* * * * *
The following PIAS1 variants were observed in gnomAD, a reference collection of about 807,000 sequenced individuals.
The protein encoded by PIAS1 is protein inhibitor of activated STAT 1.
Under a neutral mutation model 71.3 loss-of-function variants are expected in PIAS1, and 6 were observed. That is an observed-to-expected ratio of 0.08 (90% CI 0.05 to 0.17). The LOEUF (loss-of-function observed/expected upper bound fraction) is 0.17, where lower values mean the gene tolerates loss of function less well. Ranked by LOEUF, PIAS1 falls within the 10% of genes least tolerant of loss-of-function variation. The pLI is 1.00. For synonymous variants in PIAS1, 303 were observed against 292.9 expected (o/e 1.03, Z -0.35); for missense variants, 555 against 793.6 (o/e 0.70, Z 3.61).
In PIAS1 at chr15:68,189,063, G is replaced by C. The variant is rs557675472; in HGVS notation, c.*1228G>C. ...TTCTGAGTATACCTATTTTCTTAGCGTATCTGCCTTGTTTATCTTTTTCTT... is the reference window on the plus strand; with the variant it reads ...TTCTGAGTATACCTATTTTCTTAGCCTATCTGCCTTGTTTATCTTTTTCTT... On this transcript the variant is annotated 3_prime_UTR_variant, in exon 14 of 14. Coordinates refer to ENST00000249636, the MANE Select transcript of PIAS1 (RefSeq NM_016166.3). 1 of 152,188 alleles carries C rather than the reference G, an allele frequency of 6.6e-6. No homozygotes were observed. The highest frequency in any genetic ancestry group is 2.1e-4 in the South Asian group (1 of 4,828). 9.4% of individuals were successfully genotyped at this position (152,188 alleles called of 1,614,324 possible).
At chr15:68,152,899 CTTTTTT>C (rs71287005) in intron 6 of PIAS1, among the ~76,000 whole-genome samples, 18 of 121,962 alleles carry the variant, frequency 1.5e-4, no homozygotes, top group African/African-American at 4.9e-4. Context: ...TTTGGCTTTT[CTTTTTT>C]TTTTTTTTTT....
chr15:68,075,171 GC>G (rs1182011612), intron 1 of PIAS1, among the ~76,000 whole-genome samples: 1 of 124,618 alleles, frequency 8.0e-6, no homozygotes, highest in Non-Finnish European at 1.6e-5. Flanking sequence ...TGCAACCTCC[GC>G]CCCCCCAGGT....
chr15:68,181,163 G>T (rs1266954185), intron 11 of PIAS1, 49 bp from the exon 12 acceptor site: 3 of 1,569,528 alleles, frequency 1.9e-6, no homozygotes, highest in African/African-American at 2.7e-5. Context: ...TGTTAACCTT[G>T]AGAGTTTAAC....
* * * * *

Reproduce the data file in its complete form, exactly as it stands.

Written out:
The following PIAS1 variants were observed in gnomAD, a reference collection of about 807,000 sequenced individuals.
The protein encoded by PIAS1 is protein inhibitor of activated STAT 1.
Under a neutral mutation model 71.3 loss-of-function variants are expected in PIAS1, and 6 were observed. That is an observed-to-expected ratio of 0.08 (90% CI 0.05 to 0.17). The LOEUF (loss-of-function observed/expected upper bound fraction) is 0.17, where lower values mean the gene tolerates loss of function less well. Ranked by LOEUF, PIAS1 falls within the 10% of genes least tolerant of loss-of-function variation. The pLI is 1.00. For synonymous variants in PIAS1, 303 were observed against 292.9 expected (o/e 1.03, Z -0.35); for missense variants, 555 against 793.6 (o/e 0.70, Z 3.61).
In PIAS1 at chr15:68,189,063, G is replaced by C. The variant is rs557675472; in HGVS notation, c.*1228G>C. ...TTCTGAGTATACCTATTTTCTTAGCGTATCTGCCTTGTTTATCTTTTTCTT... is the reference window on the plus strand; with the variant it reads ...TTCTGAGTATACCTATTTTCTTAGCCTATCTGCCTTGTTTATCTTTTTCTT... On this transcript the variant is annotated 3_prime_UTR_variant, in exon 14 of 14. Coordinates refer to ENST00000249636, the MANE Select transcript of PIAS1 (RefSeq NM_016166.3). 1 of 152,188 alleles carries C rather than the reference G, an allele frequency of 6.6e-6. No homozygotes were observed. The highest frequency in any genetic ancestry group is 2.1e-4 in the South Asian group (1 of 4,828). 9.4% of individuals were successfully genotyped at this position (152,188 alleles called of 1,614,324 possible).
At chr15:68,152,899 CTTTTTT>C (rs71287005) in intron 6 of PIAS1, among the ~76,000 whole-genome samples, 18 of 121,962 alleles carry the variant, frequency 1.5e-4, no homozygotes, top group African/African-American at 4.9e-4. Context: ...TTTGGCTTTT[CTTTTTT>C]TTTTTTTTTT....
chr15:68,075,171 GC>G (rs1182011612), intron 1 of PIAS1, among the ~76,000 whole-genome samples: 1 of 124,618 alleles, frequency 8.0e-6, no homozygotes, highest in Non-Finnish European at 1.6e-5. Flanking sequence ...TGCAACCTCC[GC>G]CCCCCCAGGT....
chr15:68,181,163 G>T (rs1266954185), intron 11 of PIAS1, 49 bp from the exon 12 acceptor site: 3 of 1,569,528 alleles, frequency 1.9e-6, no homozygotes, highest in African/African-American at 2.7e-5. Context: ...TGTTAACCTT[G>T]AGAGTTTAAC....